Bedlington terrier, breed of long-legged, lithe terrier developed in the eastern Border districts of England in the 19th cent. It stands about 16 in. (40.6 cm) high at the shoulder and weighs from 22 to 24 lb (9.9–10.8 kg). Its thick, wiry outercoat is trimmed back to the fleecy undercoat for exhibition. The hair when trimmed is no longer than 1 in. (2.5 cm) on the body, absent on the ears except for a fringe on the tips, and, on the head, formed into a topknot that gradually tapers to the nose. The overall appearance when clipped for show resembles that of a sheep. In color the coat may be solid blue, liver, sandy, or any of these marked with tan. Most authorities believe the Bedlington was produced by crossing the old rough-coated terrier with the whippet. Originally raised to hunt vermin, badger, and fox, and often used in organized dogfights, the Bedlington was later taken into the home as companion and pet. See dog.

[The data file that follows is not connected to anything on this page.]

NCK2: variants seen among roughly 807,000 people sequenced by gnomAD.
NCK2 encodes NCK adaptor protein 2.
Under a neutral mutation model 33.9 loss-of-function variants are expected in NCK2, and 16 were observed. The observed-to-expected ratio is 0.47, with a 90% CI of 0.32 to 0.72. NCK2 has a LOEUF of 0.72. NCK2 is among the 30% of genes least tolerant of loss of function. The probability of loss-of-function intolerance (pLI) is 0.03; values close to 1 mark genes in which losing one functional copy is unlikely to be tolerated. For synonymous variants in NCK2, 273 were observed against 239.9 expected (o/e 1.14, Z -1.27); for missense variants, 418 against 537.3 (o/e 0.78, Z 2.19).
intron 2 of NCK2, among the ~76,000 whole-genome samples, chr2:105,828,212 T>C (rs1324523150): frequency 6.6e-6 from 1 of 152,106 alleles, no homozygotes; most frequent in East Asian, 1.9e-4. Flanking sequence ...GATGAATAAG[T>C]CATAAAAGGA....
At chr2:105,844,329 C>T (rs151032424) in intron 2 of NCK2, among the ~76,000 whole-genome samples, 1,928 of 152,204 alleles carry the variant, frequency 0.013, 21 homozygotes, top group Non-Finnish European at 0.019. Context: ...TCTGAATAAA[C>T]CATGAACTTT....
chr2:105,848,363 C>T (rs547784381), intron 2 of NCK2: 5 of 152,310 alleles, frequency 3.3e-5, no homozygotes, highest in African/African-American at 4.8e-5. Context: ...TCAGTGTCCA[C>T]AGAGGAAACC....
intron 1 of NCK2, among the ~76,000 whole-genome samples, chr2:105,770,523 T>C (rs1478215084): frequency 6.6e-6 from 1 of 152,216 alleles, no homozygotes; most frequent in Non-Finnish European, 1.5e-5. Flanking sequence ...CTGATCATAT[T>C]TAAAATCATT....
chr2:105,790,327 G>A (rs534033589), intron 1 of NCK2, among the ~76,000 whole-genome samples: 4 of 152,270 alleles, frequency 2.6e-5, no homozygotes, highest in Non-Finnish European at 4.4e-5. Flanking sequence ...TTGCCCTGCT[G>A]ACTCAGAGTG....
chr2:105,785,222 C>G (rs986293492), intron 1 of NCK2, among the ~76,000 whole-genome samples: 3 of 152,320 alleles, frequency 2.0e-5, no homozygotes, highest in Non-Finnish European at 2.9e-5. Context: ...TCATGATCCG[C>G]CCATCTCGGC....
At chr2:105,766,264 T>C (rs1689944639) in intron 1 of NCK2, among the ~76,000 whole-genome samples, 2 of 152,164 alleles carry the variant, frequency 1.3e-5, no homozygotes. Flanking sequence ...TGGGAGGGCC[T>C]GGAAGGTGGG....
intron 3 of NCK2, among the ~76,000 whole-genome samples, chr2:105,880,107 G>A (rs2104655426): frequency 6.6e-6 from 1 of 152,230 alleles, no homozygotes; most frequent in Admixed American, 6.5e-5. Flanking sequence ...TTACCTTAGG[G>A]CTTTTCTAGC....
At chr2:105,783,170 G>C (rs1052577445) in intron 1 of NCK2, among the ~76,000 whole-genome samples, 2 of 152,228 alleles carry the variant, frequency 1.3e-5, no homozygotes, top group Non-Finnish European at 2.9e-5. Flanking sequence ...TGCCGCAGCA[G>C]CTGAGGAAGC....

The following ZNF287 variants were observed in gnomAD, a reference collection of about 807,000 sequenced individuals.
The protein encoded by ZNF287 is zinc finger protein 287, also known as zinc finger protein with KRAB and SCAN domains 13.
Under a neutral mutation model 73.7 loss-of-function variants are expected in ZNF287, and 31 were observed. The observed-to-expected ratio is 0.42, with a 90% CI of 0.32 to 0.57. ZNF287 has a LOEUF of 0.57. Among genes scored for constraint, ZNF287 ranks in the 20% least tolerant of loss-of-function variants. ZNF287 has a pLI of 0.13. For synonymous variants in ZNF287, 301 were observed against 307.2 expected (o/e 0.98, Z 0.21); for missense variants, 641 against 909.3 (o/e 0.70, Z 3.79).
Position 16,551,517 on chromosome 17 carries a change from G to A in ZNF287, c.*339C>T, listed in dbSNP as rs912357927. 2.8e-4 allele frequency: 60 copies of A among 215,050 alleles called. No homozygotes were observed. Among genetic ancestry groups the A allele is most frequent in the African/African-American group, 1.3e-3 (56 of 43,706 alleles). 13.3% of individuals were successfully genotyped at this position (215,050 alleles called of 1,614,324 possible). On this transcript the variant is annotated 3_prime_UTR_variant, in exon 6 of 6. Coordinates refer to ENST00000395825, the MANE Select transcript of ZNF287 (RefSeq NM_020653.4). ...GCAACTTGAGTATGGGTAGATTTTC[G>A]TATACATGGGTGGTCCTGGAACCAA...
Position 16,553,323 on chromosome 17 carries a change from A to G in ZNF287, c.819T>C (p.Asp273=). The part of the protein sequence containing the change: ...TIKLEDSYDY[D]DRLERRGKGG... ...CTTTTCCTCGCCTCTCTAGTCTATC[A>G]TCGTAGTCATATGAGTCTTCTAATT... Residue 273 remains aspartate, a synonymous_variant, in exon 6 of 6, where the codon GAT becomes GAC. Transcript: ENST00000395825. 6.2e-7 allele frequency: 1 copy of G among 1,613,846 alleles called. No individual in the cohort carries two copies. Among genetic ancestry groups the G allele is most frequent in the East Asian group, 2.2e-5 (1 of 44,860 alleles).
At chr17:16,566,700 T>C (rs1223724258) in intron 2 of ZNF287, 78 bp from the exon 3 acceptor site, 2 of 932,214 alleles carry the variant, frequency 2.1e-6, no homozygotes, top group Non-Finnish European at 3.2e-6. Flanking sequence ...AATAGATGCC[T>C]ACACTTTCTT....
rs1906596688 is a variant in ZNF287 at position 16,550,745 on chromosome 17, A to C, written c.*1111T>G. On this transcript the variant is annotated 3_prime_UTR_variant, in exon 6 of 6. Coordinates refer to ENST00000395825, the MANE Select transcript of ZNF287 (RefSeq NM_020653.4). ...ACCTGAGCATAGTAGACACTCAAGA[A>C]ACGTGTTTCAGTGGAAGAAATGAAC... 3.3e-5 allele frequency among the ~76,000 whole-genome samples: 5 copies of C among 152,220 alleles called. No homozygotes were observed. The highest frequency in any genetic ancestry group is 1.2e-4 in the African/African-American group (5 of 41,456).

The Columbia Electronic Encyclopedia, 6th ed. Copyright © 2012, Columbia University Press. All rights reserved.
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